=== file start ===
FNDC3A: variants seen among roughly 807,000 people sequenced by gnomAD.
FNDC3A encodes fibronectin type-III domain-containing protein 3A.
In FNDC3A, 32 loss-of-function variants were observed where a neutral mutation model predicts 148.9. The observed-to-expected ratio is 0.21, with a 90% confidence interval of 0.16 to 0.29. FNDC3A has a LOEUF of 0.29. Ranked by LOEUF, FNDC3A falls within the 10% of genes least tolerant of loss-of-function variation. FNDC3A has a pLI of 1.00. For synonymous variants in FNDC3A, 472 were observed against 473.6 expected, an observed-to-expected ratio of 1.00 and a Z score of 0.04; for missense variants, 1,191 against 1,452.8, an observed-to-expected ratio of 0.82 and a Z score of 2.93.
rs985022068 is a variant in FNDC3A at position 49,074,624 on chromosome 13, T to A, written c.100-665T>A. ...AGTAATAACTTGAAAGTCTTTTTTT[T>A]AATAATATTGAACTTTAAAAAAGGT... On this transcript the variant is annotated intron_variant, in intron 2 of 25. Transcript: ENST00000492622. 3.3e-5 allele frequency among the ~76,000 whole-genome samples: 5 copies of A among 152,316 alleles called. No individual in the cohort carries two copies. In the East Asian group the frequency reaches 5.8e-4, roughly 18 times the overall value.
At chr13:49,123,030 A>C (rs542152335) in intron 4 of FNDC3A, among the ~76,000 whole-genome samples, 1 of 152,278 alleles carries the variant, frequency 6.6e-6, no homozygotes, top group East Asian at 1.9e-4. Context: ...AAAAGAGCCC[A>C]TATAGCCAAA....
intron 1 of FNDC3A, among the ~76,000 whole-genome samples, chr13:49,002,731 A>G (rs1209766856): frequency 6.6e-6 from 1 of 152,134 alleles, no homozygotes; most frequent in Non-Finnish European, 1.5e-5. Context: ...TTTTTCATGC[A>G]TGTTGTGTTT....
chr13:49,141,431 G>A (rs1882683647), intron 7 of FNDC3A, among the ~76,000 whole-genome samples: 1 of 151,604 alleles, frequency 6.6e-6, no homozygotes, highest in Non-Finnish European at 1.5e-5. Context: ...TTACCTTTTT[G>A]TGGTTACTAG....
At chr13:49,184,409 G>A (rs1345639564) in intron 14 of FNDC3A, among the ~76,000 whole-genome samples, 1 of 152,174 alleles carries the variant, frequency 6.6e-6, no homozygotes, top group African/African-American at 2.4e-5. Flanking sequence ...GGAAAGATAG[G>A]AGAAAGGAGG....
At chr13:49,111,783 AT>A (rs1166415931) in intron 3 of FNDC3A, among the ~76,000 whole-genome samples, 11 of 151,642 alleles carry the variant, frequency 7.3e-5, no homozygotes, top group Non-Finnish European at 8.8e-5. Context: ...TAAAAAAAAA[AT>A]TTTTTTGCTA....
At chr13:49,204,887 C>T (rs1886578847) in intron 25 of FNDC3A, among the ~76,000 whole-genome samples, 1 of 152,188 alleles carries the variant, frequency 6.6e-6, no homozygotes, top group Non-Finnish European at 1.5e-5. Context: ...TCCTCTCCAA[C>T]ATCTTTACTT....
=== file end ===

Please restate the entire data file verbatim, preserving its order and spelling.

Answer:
FNDC3A: variants seen among roughly 807,000 people sequenced by gnomAD.
FNDC3A encodes fibronectin type-III domain-containing protein 3A.
In FNDC3A, 32 loss-of-function variants were observed where a neutral mutation model predicts 148.9. The observed-to-expected ratio is 0.21, with a 90% confidence interval of 0.16 to 0.29. FNDC3A has a LOEUF of 0.29. Ranked by LOEUF, FNDC3A falls within the 10% of genes least tolerant of loss-of-function variation. FNDC3A has a pLI of 1.00. For synonymous variants in FNDC3A, 472 were observed against 473.6 expected, an observed-to-expected ratio of 1.00 and a Z score of 0.04; for missense variants, 1,191 against 1,452.8, an observed-to-expected ratio of 0.82 and a Z score of 2.93.
rs985022068 is a variant in FNDC3A at position 49,074,624 on chromosome 13, T to A, written c.100-665T>A. ...AGTAATAACTTGAAAGTCTTTTTTT[T>A]AATAATATTGAACTTTAAAAAAGGT... On this transcript the variant is annotated intron_variant, in intron 2 of 25. Transcript: ENST00000492622. 3.3e-5 allele frequency among the ~76,000 whole-genome samples: 5 copies of A among 152,316 alleles called. No individual in the cohort carries two copies. In the East Asian group the frequency reaches 5.8e-4, roughly 18 times the overall value.
At chr13:49,123,030 A>C (rs542152335) in intron 4 of FNDC3A, among the ~76,000 whole-genome samples, 1 of 152,278 alleles carries the variant, frequency 6.6e-6, no homozygotes, top group East Asian at 1.9e-4. Context: ...AAAAGAGCCC[A>C]TATAGCCAAA....
intron 1 of FNDC3A, among the ~76,000 whole-genome samples, chr13:49,002,731 A>G (rs1209766856): frequency 6.6e-6 from 1 of 152,134 alleles, no homozygotes; most frequent in Non-Finnish European, 1.5e-5. Context: ...TTTTTCATGC[A>G]TGTTGTGTTT....
chr13:49,141,431 G>A (rs1882683647), intron 7 of FNDC3A, among the ~76,000 whole-genome samples: 1 of 151,604 alleles, frequency 6.6e-6, no homozygotes, highest in Non-Finnish European at 1.5e-5. Context: ...TTACCTTTTT[G>A]TGGTTACTAG....
At chr13:49,184,409 G>A (rs1345639564) in intron 14 of FNDC3A, among the ~76,000 whole-genome samples, 1 of 152,174 alleles carries the variant, frequency 6.6e-6, no homozygotes, top group African/African-American at 2.4e-5. Flanking sequence ...GGAAAGATAG[G>A]AGAAAGGAGG....
At chr13:49,111,783 AT>A (rs1166415931) in intron 3 of FNDC3A, among the ~76,000 whole-genome samples, 11 of 151,642 alleles carry the variant, frequency 7.3e-5, no homozygotes, top group Non-Finnish European at 8.8e-5. Context: ...TAAAAAAAAA[AT>A]TTTTTTGCTA....
At chr13:49,204,887 C>T (rs1886578847) in intron 25 of FNDC3A, among the ~76,000 whole-genome samples, 1 of 152,188 alleles carries the variant, frequency 6.6e-6, no homozygotes, top group Non-Finnish European at 1.5e-5. Context: ...TCCTCTCCAA[C>T]ATCTTTACTT....